HSBC is giving its board the reboot it desperately needs

HSBC is shaking up its board of directors.

The bank has appointed two major business leaders to the board, adding ex-Diageo CEO Paul Walsh, along with AXA’s chairman and chief executive Henri de Castries.

Both will join HSBC’s board as non-executive directors.

In a regulatory filing on Friday morning, Flint welcomed the additions, saying: “Their extensive international business experience and track record in shaping growing businesses, including undertaking business portfolio realignments, will further strengthen the existing skills on the HSBC Board.”

Walsh was chief executive of Diageo for 13 years between 2000 and 2013, while De Castries, who is a count in his native France, has headed up AXA since 2000.

HSBC also confirmed that three directors will be leaving the bank. Rona Fairhead, Sir Simon Robertson, and Safra Catz will all step down within the next year.

Less than two weeks ago, as the bank announced its Q3 results, chairman Douglas Flint denied any dissatisfaction with the board. A report in the Financial Times claimed that Flint told reporters “I can’t see why anyone would want to change horses midcourse of a strategy that has been well received,” adding that HSBC had “the best management team in banking”.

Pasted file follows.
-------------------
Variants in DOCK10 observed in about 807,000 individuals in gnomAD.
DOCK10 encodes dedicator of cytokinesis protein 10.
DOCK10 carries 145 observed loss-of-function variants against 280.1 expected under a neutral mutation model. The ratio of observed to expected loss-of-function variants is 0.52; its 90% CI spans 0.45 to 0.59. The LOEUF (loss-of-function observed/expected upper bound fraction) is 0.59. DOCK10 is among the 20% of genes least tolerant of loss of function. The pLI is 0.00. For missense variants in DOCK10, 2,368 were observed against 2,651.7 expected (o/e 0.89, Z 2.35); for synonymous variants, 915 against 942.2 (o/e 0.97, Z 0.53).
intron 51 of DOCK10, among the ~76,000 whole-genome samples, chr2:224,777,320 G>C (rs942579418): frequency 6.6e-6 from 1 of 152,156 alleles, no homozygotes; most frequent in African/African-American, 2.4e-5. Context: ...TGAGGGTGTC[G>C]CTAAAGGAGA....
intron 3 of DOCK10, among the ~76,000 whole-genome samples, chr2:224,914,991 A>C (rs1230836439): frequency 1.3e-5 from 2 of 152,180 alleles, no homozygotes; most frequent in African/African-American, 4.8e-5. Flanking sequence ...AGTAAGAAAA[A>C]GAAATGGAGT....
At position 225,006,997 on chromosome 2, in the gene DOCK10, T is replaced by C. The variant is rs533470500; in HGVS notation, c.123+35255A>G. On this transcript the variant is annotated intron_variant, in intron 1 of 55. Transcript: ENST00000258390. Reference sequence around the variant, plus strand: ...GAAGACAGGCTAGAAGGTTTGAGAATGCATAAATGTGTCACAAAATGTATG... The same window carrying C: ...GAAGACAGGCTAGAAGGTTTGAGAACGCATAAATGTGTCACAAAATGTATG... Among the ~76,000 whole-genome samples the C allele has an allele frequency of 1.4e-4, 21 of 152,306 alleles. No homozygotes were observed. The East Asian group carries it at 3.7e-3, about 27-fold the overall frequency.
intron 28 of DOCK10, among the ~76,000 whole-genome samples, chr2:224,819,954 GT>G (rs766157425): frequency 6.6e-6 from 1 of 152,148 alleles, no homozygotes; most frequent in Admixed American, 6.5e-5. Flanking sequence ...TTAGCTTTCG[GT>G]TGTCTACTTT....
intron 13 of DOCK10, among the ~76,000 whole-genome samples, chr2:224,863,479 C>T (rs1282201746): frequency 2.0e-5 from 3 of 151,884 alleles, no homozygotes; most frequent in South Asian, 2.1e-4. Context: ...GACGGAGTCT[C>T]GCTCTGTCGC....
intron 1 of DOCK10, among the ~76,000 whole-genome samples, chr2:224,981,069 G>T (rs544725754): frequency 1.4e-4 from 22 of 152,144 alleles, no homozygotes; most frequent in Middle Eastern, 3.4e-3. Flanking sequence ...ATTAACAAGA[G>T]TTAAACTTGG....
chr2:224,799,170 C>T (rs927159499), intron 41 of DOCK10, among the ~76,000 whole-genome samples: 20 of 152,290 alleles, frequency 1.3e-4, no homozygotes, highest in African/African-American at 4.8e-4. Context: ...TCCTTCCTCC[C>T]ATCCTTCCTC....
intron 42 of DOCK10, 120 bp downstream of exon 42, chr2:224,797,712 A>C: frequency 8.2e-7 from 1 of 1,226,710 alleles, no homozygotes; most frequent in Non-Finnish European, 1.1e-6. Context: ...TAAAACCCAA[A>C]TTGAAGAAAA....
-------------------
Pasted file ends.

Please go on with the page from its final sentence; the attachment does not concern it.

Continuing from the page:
HSBC was recently found to have one of the most gender diverse boards in the FTSE 100, but the departure of two female directors will hurt this position.

According to the Financial Times, the appointments reflect a desire from shareholders to refresh the bank, which has seen revenues fall each year for the last four, and shares struggle to sustain growth. Shares are down by 4.65% since this time in 2011, despite growing by as much as 36% in 2013. Shares in the company are down around 1% today.

Here’s how the shares have performed over the last decade:

HSBC share graphInvestingHSBC shares have struggled in the past ten years, and many shareholders are not pleased.

HSBC’s Swiss private banking arm was embroiled in the scandal earlier this year when it was found that it had helped super wealthy clients avoid taxes, and was investigated for what prosecutors called “suspected aggravated money laundering.

The bank is currently reviewing whether or not to leave the UK, and move its headquarters back to Hong Kong, or to New York.

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